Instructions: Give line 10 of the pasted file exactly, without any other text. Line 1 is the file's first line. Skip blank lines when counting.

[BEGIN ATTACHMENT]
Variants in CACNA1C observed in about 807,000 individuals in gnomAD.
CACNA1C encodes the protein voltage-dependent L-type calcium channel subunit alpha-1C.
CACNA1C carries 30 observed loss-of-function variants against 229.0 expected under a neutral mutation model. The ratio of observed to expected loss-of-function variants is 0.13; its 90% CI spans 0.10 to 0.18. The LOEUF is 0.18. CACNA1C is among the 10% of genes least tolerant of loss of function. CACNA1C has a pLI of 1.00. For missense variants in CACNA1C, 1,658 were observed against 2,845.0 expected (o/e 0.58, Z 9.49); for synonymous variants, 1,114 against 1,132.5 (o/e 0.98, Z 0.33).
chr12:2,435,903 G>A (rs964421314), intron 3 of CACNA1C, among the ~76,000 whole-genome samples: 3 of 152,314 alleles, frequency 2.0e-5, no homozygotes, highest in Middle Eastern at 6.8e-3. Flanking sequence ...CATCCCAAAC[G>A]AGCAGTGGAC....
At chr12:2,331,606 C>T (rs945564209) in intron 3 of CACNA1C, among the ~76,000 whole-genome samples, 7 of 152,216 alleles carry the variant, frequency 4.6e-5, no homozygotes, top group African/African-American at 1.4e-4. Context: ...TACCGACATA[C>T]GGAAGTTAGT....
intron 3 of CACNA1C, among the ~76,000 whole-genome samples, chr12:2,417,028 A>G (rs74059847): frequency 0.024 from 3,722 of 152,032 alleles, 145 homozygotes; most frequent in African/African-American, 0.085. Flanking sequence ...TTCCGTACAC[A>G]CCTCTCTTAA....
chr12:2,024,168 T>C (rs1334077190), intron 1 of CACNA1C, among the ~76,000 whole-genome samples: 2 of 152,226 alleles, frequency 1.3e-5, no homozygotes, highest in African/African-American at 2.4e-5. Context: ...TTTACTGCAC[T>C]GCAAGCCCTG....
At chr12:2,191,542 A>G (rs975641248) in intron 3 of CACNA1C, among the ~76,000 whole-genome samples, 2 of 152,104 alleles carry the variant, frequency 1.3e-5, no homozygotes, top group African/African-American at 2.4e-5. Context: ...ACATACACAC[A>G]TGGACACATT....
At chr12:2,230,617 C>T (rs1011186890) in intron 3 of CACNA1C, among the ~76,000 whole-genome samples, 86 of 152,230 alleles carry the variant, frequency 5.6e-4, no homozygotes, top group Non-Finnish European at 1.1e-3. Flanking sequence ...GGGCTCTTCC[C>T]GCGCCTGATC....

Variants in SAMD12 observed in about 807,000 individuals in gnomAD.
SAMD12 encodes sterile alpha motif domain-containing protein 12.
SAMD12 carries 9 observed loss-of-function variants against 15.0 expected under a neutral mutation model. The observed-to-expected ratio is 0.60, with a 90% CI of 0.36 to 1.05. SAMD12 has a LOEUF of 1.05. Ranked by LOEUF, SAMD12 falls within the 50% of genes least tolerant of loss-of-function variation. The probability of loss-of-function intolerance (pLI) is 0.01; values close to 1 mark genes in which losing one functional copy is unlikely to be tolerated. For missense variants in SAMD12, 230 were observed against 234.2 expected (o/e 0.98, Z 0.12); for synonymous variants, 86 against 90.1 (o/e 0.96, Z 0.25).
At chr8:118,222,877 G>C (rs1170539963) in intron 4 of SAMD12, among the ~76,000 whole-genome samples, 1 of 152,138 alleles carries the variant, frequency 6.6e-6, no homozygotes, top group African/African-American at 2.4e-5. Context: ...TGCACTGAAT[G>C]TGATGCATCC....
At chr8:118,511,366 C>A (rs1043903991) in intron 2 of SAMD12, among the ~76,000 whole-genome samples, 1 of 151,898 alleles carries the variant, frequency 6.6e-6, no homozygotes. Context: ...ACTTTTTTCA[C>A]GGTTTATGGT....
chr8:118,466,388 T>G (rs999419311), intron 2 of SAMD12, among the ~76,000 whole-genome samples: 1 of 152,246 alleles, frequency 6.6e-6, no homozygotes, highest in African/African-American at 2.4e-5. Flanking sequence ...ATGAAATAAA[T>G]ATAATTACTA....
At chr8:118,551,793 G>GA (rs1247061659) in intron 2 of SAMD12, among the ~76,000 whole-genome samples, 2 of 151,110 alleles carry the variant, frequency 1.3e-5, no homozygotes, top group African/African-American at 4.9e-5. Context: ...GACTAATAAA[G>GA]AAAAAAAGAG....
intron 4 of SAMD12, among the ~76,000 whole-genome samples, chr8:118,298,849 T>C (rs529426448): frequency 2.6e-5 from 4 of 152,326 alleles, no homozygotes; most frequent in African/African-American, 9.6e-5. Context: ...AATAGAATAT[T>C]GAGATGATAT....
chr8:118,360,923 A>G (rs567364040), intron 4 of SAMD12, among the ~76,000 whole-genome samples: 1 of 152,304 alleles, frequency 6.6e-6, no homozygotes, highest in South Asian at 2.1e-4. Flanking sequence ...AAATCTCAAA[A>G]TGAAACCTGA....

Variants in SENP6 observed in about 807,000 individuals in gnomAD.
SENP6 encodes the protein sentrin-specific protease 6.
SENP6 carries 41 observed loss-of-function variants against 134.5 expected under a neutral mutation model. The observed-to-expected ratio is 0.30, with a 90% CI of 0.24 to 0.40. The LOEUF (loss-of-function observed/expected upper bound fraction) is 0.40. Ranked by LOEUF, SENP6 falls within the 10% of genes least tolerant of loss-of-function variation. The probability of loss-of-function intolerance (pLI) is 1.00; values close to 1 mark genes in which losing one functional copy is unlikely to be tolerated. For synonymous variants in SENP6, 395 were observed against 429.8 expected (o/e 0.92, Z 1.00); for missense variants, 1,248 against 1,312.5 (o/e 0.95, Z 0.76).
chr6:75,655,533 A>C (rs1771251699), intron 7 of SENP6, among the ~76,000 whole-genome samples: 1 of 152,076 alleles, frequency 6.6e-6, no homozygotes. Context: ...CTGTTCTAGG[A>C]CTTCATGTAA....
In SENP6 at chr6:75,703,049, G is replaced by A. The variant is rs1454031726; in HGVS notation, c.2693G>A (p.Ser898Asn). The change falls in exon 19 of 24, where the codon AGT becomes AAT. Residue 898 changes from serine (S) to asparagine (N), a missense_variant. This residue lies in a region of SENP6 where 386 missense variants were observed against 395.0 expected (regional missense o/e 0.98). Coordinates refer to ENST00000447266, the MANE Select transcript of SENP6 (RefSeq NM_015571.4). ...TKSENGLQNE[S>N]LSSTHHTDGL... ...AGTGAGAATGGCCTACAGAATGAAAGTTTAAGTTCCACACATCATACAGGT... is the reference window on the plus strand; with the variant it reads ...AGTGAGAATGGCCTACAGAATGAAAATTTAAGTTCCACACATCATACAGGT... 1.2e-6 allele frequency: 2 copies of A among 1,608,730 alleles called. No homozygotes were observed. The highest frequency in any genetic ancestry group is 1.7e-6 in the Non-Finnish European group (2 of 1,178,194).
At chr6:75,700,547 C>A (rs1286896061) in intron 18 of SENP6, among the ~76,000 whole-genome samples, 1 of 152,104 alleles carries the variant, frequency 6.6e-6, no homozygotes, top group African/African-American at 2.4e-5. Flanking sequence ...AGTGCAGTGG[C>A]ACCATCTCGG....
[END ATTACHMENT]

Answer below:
Variants in SAMD12 observed in about 807,000 individuals in gnomAD.